Arne Meier, Martin Mundhenk, Thomas Schneider, Michael Thomas, Volker Weber and Felix Weiss: The Complexity of Satisfiability for Fragments of Hybrid Logic --- Part I

Abstract:  The satisfiability problem of hybrid logics with the downarrow binder is known to be undecidable. This initiated a research program on decidable and tractable fragments.

In this paper, we investigate the effect of restricting the propositional part of the language on decidability and on the complexity of the satisfiability problem over arbitrary, transitive, total frames, and frames based on equivalence relations. We also consider different sets of temporal and hybrid operators.

We trace the border of decidability and give the precise complexity of most fragments, in particular for all fragments including negation. For the monotone fragments, we are able to distinguish the easy from the hard cases, depending on the allowed set of operators.

Stanislav Zivny, David A. Cohen and Peter G. Jeavons: The Expressive Power of Binary Submodular Functions

Abstract:  We investigate whether all Boolean submodular functions can be decomposed into a sum of binary submodular functions over a possibly larger set of variables. This question has been considered within several different contexts in computer science, including computer vision, artificial intelligence, and pseudo-Boolean optimisation. Using a connection between the expressive power of valued constraints and certain algebraic properties of functions, we answer this question negatively.

Our results have several corollaries. First, we characterise precisely which submodular polynomials of degree 4 can be expressed by quadratic submodular polynomials. Next, we identify a novel class of submodular functions of arbitrary arities which can be expressed by binary submodular functions, and therefore minimised efficiently using a so-called expressibility reduction to the Min-Cut problem. More importantly, our results imply limitations on this kind of reduction and establish for the first time that it cannot be used in general to minimise arbitrary submodular functions. Finally, we refute a conjecture of Promislow and Young on the structure of the extreme rays of the cone of Boolean submodular functions.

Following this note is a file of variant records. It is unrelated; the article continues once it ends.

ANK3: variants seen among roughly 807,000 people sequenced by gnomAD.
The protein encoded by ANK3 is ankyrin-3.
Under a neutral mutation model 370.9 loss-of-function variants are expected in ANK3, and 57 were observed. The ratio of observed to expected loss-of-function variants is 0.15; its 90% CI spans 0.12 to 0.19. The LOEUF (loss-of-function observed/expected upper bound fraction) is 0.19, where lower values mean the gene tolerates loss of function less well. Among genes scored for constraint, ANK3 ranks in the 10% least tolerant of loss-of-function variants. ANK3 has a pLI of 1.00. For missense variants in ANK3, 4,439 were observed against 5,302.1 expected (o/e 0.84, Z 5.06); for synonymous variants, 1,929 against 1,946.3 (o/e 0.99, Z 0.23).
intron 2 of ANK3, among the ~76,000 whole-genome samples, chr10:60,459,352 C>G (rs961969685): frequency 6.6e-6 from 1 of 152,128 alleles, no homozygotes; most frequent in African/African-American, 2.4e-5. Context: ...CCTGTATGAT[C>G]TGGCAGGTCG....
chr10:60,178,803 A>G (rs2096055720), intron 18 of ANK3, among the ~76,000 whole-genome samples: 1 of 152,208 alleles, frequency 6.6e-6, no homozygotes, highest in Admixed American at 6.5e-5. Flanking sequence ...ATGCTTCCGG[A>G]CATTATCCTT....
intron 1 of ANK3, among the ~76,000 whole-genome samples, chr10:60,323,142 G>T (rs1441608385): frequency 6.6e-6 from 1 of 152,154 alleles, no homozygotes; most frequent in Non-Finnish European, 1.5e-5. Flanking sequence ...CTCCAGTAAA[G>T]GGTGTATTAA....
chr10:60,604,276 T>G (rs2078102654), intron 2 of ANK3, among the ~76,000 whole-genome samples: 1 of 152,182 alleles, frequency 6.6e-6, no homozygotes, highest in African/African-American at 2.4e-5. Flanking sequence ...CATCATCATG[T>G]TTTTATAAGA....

Xizhong Zheng and Robert Rettinger: Points on Computable Curves of Computable Lengths

Abstract:  In this paper we show that the set of points covered by computable curves in IR2 is a proper superset of the set of points covered by computable curves with computable length, where a plan curve C computable if there exists an injective, computable function f:[0;1] → IR2 such that C is the range of f. More precisely, we construct a computable curve K and a points z on K such that no computable curve of computable length contains this point z. This gives a positive answer to a recent open question of Gu, Lutz and Mayordomo.

Marco Gaboardi, Luca Roversi and Luca Vercelli: Multiplicative Exponential Linear Logic can be levelled

Abstract:  We study the relations between Multiplicative Exponential Linear Logic (meLL) and Baillot-Mazza Linear Logic by Levels (mL3). We design a decoration-based translation between propositional meLL and propositional mL3. The translation preserves the cut elimination. Moreover, we show that there is a proof net Π of second order meLL that cannot have a representative Π' in second order mL3 under any decoration. Every such a representative should identify two distinct indices. This suggests that levels can be an analytical tool in understanding the complexity of second order quantifier.

Anuj Dawar and Yuguo He: Parameterized Complexity Classes under Logical Reductions

Abstract:  The parameterized complexity classes of the W-hierarchy are usually defined as the problems reducible to certain natural complete problems by means of fixed-parameter tractable (fpt) reductions. We investigate whether the classes can be characterised by means of weaker, logical reductions. We show that each class W[t] has complete problems under slicewise bounded-variable first-order reductions. These are a natural weakening of the slicewise bounded-variable LFP reductions which, by a result of Flum and Grohe are known to be equivalent to fpt reductions. If we relax the restriction on having a bounded number of variables, we obtain reductions that are too strong in that there are problems in W[t+1] that reduce to problems in W[t] under slicewise firts-order reductions. On the other hand, we show that if we consider slicewise quantifier-free first-order reductions, they are considerably weaker in that there are problems in W[t+1] that provably cannot reduce to any problem in W[t] under such reductions.

Periklis Papakonstantinou: On the Structure of Optimal Greedy Computation (for Job Scheduling)